According to economics textbooks, this hefty combination of fiscal and monetary stimulus should drive up inflation as the amount of money circulating through the economy and financial system surges. But we think inflation will stay well contained for the near to intermediate term.
Prior to the first quarter of 2020, annualized GDP growth was in line with or slightly above its long-term trend of about 2%, gradually pulling CPI inflation higher with it. Now, however, the economy is in a deep and deepening ditch, evidenced by a 4.8% contraction in first-quarter GDP, along with April’s record 20.5 million job losses and unprecedented 16.5% decline in retail sales.11
With the economy in a pandemic-driven recession, we think inflation will struggle to gain traction. History tells us that only when GDP growth returns to and/or exceeds its prior trend will inflation meaningfully accelerate. In our view, that won’t happen anytime soon. Our forecast calls for U.S. GDP growth, at best, to return to its fourth-quarter 2019 level no earlier than the second half of 2021. It may take at least another year for it to return to trend.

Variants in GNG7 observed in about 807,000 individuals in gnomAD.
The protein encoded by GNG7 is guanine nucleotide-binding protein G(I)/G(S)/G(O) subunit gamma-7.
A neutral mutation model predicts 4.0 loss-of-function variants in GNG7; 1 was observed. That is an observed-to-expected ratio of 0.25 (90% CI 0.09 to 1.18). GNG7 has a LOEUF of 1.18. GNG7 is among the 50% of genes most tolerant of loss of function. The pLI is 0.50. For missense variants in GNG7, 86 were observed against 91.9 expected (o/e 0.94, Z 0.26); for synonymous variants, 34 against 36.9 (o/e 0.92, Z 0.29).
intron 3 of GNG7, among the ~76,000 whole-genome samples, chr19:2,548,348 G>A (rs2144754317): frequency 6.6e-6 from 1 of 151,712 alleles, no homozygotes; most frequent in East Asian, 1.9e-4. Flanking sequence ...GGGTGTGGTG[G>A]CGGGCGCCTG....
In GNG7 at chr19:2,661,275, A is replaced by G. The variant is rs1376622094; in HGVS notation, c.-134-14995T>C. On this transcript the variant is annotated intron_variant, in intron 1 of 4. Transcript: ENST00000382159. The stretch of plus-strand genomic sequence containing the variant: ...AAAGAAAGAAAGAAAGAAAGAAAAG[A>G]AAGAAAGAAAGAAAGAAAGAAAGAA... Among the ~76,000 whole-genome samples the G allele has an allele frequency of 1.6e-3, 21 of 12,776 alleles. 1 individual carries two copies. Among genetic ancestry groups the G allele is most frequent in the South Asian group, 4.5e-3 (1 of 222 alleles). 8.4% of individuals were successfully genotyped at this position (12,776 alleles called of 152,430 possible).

Markets don’t appreciate Powell’s plain talk
Last Wednesday, Fed Chair Jerome Powell triggered a decline in global equities by warning that a U.S. recovery “may take some time to gather momentum” and that the U.S. risked “an extended period of low productivity growth and stagnant incomes.” But he also signaled to markets that the Fed stands willing to use its tools to “the fullest until the crisis has passed and the economic recovery is under way.”
One tool Powell is not likely to wield, however, is negative interest rates. That would entail reducing the federal funds target rate from its current range of 0% to 0.25% to below 0%. Under such a scenario, banks would pay, rather than earn, interest on deposits left overnight at other banks. In theory, this should incentivize banks to lend rather than allow cash to remain idle.
But subzero rates are no cure-all, in our view. Here are a few potential problems:
- Since banks indirectly base their savings account rates on the fed funds rate, depositors could earn even less on their money than they do now.
- Profit margins for banks would be squeezed unless they begin to charge customers for keeping funds on deposit, which we believe is unlikely.